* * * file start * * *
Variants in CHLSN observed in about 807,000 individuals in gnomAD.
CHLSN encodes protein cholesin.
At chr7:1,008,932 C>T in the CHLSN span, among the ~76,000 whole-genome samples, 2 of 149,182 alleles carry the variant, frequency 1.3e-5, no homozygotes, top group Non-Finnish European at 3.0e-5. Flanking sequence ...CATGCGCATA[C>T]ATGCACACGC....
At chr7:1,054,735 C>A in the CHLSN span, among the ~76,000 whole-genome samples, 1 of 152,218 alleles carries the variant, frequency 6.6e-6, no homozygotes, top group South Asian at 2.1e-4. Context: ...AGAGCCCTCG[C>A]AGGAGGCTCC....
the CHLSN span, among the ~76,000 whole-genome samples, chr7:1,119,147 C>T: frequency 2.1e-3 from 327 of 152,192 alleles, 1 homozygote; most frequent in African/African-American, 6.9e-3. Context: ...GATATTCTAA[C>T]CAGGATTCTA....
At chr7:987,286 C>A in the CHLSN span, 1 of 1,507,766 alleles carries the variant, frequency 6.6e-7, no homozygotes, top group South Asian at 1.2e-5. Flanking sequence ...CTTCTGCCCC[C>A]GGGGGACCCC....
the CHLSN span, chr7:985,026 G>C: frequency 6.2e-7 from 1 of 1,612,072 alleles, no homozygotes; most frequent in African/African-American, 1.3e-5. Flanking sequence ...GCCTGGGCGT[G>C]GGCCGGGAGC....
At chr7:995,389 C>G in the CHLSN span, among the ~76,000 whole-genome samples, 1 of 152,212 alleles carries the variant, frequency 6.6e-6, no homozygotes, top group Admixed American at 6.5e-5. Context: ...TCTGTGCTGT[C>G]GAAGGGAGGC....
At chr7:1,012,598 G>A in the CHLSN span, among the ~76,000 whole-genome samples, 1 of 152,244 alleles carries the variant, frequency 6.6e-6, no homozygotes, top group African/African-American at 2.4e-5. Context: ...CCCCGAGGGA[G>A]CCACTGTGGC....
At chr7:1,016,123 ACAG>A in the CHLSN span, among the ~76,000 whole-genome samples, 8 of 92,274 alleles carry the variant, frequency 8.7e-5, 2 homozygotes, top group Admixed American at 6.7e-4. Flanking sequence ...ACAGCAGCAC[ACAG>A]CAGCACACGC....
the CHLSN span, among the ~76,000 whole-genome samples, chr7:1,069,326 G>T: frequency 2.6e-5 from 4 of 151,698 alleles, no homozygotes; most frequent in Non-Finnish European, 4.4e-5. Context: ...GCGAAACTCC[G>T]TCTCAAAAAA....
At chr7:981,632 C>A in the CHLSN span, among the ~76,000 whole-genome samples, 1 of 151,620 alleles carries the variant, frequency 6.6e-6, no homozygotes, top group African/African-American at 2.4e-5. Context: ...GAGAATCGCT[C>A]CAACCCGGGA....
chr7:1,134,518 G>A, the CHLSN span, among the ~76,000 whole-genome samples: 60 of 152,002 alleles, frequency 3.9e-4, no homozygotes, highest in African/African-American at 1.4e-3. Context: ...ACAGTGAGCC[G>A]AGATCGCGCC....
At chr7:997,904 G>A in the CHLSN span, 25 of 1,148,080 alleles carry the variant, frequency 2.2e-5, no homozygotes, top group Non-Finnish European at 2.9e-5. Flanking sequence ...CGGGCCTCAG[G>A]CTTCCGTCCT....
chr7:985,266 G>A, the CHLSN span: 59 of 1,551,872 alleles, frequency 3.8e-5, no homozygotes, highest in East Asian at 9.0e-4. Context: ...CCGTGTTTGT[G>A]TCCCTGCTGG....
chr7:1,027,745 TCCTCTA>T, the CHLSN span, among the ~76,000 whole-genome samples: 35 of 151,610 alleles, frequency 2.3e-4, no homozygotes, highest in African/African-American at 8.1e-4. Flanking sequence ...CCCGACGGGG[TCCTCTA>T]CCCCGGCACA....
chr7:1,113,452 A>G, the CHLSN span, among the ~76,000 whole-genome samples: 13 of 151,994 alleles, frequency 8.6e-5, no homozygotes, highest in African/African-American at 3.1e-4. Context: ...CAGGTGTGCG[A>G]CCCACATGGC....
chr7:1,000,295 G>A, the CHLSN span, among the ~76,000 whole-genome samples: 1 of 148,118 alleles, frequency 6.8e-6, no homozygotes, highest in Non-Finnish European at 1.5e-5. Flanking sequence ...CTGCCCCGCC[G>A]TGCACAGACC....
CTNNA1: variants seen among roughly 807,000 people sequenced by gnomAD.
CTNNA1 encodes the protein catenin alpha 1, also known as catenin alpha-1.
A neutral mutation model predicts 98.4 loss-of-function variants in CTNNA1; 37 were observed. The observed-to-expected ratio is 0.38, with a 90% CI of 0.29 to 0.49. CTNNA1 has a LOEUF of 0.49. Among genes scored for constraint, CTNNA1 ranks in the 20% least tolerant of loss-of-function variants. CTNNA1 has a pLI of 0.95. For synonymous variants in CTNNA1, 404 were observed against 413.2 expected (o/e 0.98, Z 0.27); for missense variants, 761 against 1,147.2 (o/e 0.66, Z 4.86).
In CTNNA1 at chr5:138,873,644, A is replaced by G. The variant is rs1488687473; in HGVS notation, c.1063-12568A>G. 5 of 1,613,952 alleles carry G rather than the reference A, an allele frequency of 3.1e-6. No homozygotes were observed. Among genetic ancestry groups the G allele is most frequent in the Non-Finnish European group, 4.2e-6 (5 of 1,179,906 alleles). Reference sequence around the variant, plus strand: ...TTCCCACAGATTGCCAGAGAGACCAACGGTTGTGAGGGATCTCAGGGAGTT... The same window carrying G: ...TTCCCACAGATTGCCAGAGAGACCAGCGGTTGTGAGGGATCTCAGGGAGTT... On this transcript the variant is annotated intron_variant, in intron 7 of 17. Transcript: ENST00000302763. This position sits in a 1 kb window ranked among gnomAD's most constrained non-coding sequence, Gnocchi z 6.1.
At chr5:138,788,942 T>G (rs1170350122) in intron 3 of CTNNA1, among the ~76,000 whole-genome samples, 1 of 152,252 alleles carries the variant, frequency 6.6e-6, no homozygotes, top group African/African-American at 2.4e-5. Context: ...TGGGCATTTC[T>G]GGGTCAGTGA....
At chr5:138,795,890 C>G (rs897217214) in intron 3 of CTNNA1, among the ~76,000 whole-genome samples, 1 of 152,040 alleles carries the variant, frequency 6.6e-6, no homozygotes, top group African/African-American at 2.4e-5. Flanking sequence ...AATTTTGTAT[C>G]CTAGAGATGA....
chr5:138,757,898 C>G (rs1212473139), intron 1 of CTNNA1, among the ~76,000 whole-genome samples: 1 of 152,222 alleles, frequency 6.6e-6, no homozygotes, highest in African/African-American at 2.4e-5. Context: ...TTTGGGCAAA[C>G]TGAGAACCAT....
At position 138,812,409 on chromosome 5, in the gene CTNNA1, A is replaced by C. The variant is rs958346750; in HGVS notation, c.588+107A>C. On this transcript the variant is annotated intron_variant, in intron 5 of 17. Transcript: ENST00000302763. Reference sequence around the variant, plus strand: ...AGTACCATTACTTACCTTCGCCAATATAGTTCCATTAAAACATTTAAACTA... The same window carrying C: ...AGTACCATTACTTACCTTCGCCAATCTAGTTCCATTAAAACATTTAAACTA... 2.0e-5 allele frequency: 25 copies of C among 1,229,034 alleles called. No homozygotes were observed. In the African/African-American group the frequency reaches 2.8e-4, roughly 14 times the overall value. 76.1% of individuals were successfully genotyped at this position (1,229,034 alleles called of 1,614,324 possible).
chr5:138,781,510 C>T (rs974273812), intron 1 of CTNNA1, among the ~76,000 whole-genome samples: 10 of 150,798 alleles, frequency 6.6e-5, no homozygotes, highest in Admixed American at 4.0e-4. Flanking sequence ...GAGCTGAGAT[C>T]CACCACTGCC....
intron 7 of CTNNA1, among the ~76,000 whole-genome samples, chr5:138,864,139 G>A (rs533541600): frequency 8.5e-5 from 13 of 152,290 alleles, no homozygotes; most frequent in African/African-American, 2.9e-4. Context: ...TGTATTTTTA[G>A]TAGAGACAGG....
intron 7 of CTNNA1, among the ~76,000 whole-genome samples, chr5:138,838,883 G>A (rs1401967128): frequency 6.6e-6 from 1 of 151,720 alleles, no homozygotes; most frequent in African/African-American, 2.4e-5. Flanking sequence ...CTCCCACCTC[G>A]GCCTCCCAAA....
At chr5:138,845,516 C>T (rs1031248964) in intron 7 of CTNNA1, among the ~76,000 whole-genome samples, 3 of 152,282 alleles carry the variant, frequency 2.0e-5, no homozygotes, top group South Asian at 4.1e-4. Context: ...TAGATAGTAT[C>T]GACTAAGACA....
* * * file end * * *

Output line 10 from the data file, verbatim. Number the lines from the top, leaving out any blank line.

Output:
At chr7:1,016,123 ACAG>A in the CHLSN span, among the ~76,000 whole-genome samples, 8 of 92,274 alleles carry the variant, frequency 8.7e-5, 2 homozygotes, top group Admixed American at 6.7e-4. Flanking sequence ...ACAGCAGCAC[ACAG>A]CAGCACACGC....